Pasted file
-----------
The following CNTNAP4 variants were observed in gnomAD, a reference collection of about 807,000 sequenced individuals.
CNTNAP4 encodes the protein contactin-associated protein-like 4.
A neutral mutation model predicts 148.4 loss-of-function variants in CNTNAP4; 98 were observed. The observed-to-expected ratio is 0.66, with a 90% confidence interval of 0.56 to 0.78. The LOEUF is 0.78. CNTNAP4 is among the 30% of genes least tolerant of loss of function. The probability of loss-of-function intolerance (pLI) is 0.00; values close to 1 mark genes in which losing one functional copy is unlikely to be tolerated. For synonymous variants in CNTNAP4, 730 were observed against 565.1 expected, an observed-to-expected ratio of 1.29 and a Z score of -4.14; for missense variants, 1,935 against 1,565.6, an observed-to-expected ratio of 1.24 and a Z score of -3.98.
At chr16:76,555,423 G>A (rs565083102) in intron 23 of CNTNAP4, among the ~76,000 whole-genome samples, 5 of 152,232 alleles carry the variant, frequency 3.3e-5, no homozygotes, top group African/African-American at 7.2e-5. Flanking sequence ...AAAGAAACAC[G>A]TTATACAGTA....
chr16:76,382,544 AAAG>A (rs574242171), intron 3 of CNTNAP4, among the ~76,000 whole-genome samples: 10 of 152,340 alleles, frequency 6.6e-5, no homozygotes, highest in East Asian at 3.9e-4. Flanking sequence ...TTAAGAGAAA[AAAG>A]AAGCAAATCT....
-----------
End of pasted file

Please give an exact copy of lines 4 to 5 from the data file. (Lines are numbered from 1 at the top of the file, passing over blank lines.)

At chr16:76,555,423 G>A (rs565083102) in intron 23 of CNTNAP4, among the ~76,000 whole-genome samples, 5 of 152,232 alleles carry the variant, frequency 3.3e-5, no homozygotes, top group African/African-American at 7.2e-5. Flanking sequence ...AAAGAAACAC[G>A]TTATACAGTA....
chr16:76,382,544 AAAG>A (rs574242171), intron 3 of CNTNAP4, among the ~76,000 whole-genome samples: 10 of 152,340 alleles, frequency 6.6e-5, no homozygotes, highest in East Asian at 3.9e-4. Flanking sequence ...TTAAGAGAAA[AAAG>A]AAGCAAATCT....